The philanthropic arm of Texas Instruments (TI) is investing $5.4 million to improve the US public education in science, technology, engineering, and math (STEM). Previously known as Power of Stem Education (POSE), the grants will be divided among several nonprofit partners and educators from communities across the country where the foundation has a leading manufacturing presence, including California, Maine, and Texas.
The organization will focus on primary and secondary school programs that offer opportunities for female students and minorities, whose academic achievements in the STEM subjects have room to grow, writes Holly Haber of the Dallas News.
Andy Smith, the executive director of TI Foundation and TI director of corporate philanthropy in the company, commented:
"Our focus is on collaborative strategies to improve and develop teaching effectiveness and student's better performance in STEM education nationwide. We seek out hard-working partners who share our goals, make strategic investments and develop long-term relationships with teachers and their organizations to support proven, successful programs that can be scaled and replicated across the country. Working together, we believe all our students can move forward and experience greater results in STEM."
As Sri Ravipati of THE Journal notes, the lion's share of the POSE grants will go to North Texas. The local Southern Methodist University will spend $1.7 million to train Dallas Independent School District middle school teachers over the course of the next four years. Teach for America will receive the second largest grant of $1.3 million to cover the professional development of math and science educators from Dallas ISD and Uplift Education schools.
The National Math and Science Initiative (NMSI) is the recipient of the third largest grant at $1.1 million. NMSI will use it to train teachers from Garland Independent School District and Uplift Education high schools in Advanced Placement courses.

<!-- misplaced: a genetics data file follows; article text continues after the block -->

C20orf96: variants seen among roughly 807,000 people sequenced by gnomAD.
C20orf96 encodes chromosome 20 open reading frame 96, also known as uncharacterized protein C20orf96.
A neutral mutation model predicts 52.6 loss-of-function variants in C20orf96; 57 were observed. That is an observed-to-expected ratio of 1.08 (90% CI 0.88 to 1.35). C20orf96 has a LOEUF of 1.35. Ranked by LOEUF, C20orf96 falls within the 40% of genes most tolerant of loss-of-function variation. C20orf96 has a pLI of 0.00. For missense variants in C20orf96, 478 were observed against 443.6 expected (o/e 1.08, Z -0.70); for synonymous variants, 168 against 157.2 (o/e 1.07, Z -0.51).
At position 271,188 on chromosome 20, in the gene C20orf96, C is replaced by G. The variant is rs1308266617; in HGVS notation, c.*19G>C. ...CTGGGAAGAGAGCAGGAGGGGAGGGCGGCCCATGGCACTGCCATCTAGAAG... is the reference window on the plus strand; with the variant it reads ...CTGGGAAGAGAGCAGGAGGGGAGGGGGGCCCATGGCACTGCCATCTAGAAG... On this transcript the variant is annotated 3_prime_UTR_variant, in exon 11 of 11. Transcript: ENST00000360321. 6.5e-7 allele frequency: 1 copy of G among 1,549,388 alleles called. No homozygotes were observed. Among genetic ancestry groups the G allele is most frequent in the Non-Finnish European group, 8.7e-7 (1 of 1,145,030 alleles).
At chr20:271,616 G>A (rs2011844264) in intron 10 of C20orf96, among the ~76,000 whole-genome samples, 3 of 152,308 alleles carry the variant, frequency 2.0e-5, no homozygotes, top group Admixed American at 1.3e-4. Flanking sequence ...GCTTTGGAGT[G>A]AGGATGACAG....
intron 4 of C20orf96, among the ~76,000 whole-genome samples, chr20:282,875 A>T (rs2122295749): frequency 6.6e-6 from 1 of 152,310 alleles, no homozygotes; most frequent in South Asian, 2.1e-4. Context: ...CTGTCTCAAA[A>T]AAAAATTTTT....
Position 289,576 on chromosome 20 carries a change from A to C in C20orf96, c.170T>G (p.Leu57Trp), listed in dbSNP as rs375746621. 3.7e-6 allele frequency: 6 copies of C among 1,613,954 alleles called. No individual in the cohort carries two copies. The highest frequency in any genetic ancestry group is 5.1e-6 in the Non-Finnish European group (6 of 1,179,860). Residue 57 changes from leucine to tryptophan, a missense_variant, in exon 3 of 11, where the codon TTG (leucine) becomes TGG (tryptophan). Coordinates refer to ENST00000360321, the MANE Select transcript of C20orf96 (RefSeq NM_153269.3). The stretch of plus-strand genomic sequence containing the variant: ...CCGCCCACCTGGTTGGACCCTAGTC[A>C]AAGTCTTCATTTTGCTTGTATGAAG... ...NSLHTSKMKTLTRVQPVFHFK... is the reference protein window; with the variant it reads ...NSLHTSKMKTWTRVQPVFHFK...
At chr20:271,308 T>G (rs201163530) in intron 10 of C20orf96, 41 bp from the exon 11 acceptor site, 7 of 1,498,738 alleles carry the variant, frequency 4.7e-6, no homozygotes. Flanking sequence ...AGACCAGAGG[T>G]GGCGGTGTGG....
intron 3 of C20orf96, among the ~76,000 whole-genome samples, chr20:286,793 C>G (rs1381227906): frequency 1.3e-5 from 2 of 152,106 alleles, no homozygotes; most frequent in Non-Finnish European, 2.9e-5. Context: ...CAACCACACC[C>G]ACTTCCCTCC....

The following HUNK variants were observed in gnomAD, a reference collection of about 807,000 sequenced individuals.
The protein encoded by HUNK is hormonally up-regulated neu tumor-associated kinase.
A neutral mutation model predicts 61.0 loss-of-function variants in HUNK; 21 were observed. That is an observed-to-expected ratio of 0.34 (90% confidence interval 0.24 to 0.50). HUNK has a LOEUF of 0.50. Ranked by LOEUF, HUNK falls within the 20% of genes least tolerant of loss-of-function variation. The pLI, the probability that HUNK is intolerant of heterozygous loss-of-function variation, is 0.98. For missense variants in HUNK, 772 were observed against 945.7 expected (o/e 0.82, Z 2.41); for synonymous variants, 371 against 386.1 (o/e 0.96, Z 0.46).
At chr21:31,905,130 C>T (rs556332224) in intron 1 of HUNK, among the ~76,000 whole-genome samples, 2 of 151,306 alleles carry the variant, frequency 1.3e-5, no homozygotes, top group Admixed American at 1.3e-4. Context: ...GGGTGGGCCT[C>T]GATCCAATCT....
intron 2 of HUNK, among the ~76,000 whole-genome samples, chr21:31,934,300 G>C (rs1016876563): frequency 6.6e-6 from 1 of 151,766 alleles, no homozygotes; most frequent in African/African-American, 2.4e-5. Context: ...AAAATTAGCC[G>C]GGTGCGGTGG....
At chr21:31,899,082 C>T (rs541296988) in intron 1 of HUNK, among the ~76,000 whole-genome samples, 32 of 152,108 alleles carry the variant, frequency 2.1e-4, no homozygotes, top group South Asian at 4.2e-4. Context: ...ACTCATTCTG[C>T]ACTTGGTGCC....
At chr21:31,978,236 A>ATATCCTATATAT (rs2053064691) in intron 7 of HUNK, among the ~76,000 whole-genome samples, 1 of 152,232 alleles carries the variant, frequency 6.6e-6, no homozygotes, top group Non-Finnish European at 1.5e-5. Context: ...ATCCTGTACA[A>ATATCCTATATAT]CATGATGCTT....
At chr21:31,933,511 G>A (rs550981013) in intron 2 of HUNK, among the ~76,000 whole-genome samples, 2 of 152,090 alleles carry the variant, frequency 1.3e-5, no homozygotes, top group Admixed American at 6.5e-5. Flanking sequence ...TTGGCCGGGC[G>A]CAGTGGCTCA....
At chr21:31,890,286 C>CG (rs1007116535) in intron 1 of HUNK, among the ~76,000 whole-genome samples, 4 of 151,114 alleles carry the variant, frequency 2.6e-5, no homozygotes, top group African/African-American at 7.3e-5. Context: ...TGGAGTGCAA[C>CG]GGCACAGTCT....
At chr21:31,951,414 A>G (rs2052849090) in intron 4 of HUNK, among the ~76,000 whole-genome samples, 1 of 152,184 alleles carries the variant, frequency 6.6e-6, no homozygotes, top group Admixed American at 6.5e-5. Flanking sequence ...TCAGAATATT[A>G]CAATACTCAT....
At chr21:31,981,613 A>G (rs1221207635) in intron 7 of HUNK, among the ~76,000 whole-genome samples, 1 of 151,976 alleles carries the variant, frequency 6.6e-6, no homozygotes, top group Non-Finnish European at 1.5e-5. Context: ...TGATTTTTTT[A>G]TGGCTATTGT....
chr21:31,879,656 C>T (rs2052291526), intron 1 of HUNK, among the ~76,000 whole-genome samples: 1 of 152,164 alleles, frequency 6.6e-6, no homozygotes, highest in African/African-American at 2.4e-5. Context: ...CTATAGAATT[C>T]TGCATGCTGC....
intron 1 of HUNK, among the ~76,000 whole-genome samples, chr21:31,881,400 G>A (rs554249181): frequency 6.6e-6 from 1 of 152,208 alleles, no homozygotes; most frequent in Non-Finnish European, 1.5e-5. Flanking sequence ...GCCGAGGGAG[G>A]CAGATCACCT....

Other parts of the funding will go to Teaching Trust; Lancaster, Mesquite, Plano and Richardson school districts; the University of San Antonio; the National Alliance for Partnerships in Equity; and other nonprofit organizations and educators across North Texas.
TI and TI Community Fund will also invest about $550,000 in programs that improve employee engagement, such as volunteering and mentoring students, reads the official press release. Several Bay Area organizations in California such as Breakthrough Silicon Valley and We Teach Science will receive grants to establish partnerships and advance training. TI will also finance two collaborative programs between Maine's two largest school districts. With a strong focus on minority and female students, they will establish a STEM academy for grades 8-10.
Texas Instruments Incorporated is a leading manufacturer of semiconductors. It also develops analog ICs and produces embedded processors. Many of the brightest minds in the world work for Texas Instruments to innovate and shape the future of technology.
As news about the funding broke, the company was trading down 0.28 percent from the previous day's close. Texas Instruments also announced a dividend for shareholders that was paid on May 16th. The payment was $0.380 per share for the quarter or $1.52 on an annualized basis, writes Ted Blackburn of Finance Daily.